for a dance. Do-do from the French dormir. Today the fais-do-do of Saturday and Sunday
nights is still very much with us. There is no mistaking cajun music for something else-it
has its own style and if anyone wants to know about that special Cajun sense of joie de
vivre, only look at the accordian player dancing his jig.

Brief Facts about Evangeline

Longfellow's description of Acadia includes many comparisons between people and
nature. the murmuring trees tell a sad story and the ocean answers in a deep voice.
To make the talking trees seem more like people, the poet calls the moss, which
covers them beards. the trees stand like Druids and harpers. the Acadians had
hearts that leaped like the deer. Although they had problems, their lives ran
smoothly like rivers.

Longfellow first heard the story of Evangeline from Nathaniel Hawthorne, a famous
American novelist with whom he had been friends since the 2 of them had been
classmates at Boddoin College. Hawthorne had heard the story from someone else.
ON October 24, 1838, he wrote the following in his "American Notebooks":
"H.L.C. heard from a French Canadian a story of a young couple in Acadia. On
their marriage day all the men of the province were summoned to assemble in the
church to hear a proclamation. when assembled, they were all seized and shipped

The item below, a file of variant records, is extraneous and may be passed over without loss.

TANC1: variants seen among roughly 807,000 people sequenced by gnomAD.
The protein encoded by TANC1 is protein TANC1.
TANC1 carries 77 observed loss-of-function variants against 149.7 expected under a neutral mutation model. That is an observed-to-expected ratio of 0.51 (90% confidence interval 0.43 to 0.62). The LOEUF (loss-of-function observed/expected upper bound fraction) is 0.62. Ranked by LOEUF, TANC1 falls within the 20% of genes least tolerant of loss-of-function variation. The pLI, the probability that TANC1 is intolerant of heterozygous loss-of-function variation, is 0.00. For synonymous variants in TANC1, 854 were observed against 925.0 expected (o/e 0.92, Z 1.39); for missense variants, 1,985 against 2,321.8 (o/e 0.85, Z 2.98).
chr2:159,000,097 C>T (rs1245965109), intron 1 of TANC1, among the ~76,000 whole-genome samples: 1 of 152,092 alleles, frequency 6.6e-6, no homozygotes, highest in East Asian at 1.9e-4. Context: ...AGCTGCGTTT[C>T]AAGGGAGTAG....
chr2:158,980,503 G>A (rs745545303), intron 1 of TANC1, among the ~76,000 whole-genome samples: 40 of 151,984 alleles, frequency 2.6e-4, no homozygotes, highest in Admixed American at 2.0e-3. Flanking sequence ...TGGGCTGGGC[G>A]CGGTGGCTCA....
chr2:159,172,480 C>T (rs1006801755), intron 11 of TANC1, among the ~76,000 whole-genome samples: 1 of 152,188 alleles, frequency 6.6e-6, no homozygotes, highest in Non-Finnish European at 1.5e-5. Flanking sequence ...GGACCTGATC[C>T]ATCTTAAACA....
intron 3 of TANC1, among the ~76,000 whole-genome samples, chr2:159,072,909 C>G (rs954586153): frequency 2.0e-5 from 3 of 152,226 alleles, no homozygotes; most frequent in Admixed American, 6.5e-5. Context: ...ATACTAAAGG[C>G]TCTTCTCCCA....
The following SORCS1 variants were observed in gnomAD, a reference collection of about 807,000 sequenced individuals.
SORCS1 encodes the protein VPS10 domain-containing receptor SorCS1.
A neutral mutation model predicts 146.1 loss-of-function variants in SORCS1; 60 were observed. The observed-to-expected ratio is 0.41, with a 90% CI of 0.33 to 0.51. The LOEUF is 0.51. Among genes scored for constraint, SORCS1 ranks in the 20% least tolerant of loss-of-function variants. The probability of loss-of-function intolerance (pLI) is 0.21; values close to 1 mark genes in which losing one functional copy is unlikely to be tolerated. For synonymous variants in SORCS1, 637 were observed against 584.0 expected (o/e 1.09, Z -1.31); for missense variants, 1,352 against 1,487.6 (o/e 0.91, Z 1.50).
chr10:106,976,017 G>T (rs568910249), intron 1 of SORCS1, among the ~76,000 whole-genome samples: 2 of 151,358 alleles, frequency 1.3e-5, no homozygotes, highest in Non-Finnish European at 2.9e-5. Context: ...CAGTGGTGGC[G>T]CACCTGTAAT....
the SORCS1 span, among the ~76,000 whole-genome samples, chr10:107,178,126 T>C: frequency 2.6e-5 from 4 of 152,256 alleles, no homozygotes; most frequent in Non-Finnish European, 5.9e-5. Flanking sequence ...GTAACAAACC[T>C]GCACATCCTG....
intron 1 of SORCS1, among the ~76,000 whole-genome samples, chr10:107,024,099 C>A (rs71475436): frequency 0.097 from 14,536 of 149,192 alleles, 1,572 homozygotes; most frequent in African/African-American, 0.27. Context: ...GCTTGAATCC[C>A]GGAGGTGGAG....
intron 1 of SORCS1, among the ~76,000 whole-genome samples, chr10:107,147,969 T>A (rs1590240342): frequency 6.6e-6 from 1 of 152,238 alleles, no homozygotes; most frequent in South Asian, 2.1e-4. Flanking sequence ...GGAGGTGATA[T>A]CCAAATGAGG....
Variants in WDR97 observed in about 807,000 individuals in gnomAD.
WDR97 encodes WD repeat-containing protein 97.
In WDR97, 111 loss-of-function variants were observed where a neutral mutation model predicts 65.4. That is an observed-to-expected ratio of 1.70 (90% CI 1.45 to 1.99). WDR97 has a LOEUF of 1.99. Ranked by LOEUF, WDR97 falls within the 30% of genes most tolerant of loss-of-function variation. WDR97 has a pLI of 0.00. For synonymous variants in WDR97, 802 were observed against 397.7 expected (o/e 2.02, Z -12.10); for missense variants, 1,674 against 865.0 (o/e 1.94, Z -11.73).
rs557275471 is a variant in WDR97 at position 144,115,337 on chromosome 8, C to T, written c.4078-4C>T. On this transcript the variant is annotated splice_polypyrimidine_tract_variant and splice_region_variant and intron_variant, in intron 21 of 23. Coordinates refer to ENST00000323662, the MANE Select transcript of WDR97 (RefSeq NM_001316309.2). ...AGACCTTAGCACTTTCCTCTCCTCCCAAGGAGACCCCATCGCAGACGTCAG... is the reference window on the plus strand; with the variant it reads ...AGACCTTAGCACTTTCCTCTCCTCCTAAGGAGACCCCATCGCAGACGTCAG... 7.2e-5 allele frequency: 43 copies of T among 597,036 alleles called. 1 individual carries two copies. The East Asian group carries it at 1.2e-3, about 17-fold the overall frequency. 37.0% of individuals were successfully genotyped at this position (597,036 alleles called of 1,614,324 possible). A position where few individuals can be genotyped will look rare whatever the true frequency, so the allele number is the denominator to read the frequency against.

off to be distributed through New England, among them the new bridegroom. His
bride set off in search of him, wandered about New England all her lifetime, and at
last, when she was old, she found her bridegroom his deathbed. The shock was so
great it killed her as well."

In telling the story of Evangeline, Longfellow follows the general history of the
Acadians. Moreover, he judges both them and the British. The Acadians he
pictures as a simple, kindly people living an ideal life as farmers. The British he
pictures as cruel and inhumane. What are the facts, one asks. Historians agree with
Longfellow. Longfellow followed 2 sources, he said, in writing his poem: "As far as
I can remember the authorities I most relied onin writing Evangeline were the Abbe
Raynal and our Haliburton." In 1837, Longfellow wrot the Frioth's Saga, the poem
which Longfellow scholars agree most influenced Evangeline. Like Evangeline, this
poem is an epic. The central character, Evangeline, shares with other Acadians the
sorrows and misfortunes of a people driven from their homeland. That the
Acadians were driven from Canada byt he English is a historical fact. Certainly,
many lovers, like Evangeline and Gaberiel in the poem, were separated. The
particular experiences of Evangeline in the poem are similar to those of many of the
displaced Acadians.

Evangeline-The focal point of the poem. Childhood sweetheart of Gabriel.
Gabriel-Evangelines love, childhood playmate.
Father Felician- The Parish priest of the Acadians, a simple kindly man.
Benedict Bellefontaine-Evangeline's father, wealthiest farmer of Grand Pre.
Basil Lajeunesse- Blacksmith of Grand Pre, a big man with a red face.

Reading Evangeline is more than reading a poem. It is an experience that will last a
lifetime. It is worth every minute, and then some. It is one of those rare poems that
one can read again and again, and never tire of it. It has everything to warm the
heart, touch the soul, and capture the mind. I highly recommend it.

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In Louisiana the live-oak is the king of the forest, and the magnolia is its queen; and there is nothing more delightful to one who is fond of the country than to sit under them on a clear, calm spring morning like this.

Joseph Jefferson, The Autobiography of Joseph Jefferson, 1917.